distinctive cross-linking of the chains (Taylor & Erionite-Na
Jackson 1933, Mazzi et al. 1984). Examples of
orthorhombic edingtonite have nearly perfect (Si,Al) New name; Na is the most abundant extra-framework
order. The tetragonal form is disordered, and available cation.
analytical results show that slightly more Ba has been Proposed type-example: Cady Mountains, California,
replaced by other ions. U.S.A. (Sheppard et al. 1965). TSi in the range 0.74–0.79.
For the type specimen, a 13.214(3), c 15.048(4) Å,
Epistilbite composition (Na5.59K2.00Ca0.11Mg0.18Fe0.02)[Al7.57Si28.27
O72]•24.60H2O (Sheppard & Gude 1969b).
(Ca,Na2)[Al2Si4O12]•4H2O
Z=4 EPI Erionite-K
Rose (1826). Type localities: “Iceland” and “Faröe
New name; K is the most abundant extra-framework
Islands”. Named from Greek epi in the sense of near,
cation.
and stilbite, from its supposed similarity to the latter.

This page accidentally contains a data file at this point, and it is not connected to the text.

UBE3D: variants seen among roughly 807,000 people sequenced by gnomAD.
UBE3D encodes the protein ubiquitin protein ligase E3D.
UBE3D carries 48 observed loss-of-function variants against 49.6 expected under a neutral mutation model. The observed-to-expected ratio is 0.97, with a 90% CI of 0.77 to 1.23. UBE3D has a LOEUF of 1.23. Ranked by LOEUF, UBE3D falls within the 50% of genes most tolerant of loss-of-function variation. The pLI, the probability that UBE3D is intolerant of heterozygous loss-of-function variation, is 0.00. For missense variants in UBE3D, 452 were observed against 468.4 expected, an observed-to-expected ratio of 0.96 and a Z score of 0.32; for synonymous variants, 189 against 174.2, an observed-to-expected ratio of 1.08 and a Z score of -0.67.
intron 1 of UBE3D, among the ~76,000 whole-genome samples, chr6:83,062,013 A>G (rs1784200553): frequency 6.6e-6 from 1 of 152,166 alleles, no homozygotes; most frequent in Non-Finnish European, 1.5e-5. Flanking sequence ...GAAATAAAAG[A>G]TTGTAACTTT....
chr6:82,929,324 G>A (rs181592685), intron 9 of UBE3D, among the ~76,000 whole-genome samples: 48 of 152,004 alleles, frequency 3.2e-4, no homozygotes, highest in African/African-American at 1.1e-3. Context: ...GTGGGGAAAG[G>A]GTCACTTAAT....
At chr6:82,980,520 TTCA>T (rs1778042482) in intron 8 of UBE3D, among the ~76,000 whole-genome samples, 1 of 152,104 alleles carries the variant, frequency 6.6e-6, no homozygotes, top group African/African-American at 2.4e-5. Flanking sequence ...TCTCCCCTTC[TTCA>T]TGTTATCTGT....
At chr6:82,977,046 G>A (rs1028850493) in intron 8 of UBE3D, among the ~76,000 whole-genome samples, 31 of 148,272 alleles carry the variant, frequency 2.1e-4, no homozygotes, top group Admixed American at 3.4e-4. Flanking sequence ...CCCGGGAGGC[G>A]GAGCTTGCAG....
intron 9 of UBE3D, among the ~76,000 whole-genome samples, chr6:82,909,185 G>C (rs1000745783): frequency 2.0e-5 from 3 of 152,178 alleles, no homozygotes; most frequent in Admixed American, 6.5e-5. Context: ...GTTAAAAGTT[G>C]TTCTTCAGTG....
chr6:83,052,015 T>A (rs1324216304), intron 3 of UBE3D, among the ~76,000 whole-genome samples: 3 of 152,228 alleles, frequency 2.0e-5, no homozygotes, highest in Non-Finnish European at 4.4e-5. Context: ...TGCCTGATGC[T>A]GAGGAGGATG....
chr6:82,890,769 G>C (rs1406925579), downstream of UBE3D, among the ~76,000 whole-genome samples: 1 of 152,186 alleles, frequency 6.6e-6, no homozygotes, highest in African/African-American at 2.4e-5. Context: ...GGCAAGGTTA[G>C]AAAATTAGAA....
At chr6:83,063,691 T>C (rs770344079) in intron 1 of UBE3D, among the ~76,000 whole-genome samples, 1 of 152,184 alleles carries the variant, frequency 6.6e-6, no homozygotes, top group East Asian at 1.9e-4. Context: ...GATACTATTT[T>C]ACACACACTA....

Proposed type-example: Rome, Oregon, U.S.A., in
Na/(Na + Ca) varies from about 0.1 to 0.3, with minor
which K makes up 58% of extra-framework cations;
K and Ba (e.g., Galli & Rinaldi 1974). TSi in the range
significant Na, Ca, and Mg also are present (Eberly
0.72–0.77.
1964). TSi in the range 0.74–0.79.
Monoclinic, C2, a 9.101(2), b 17.741(1), c 10.226(1)
For a specimen from Ortenberg, Germany, a 13.227(1),
Å, ß 124.66(2)° (Teigarhorn, Iceland: Alberti et al.
c 15.075(3) Å, (K3.32Na2.31Ca0.99Mg0.06Ba0.02)[Al8.05
1985), or
Si28.01O72]•31.99H2O (Passaglia et al. 1998).
triclinic, C1, a 9.083(1), b 17.738(3), c 10.209(1) Å,
α 89.95(1)°, ß 124.58(1)°, γ 90.00(1)° (Gibelsbach,
Erionite-Ca
Valais, Switzerland: Yang & Armbruster 1996).
The structural framework belongs to the mordenite New name; Ca is the most abundant extra-framework
group (Gottardi & Galli 1985). Earlier work suggested cation.
space-group symmetry C2/m (Perrotta 1967). Alberti et Proposed type-example: Mazé, Niigata Prefecture,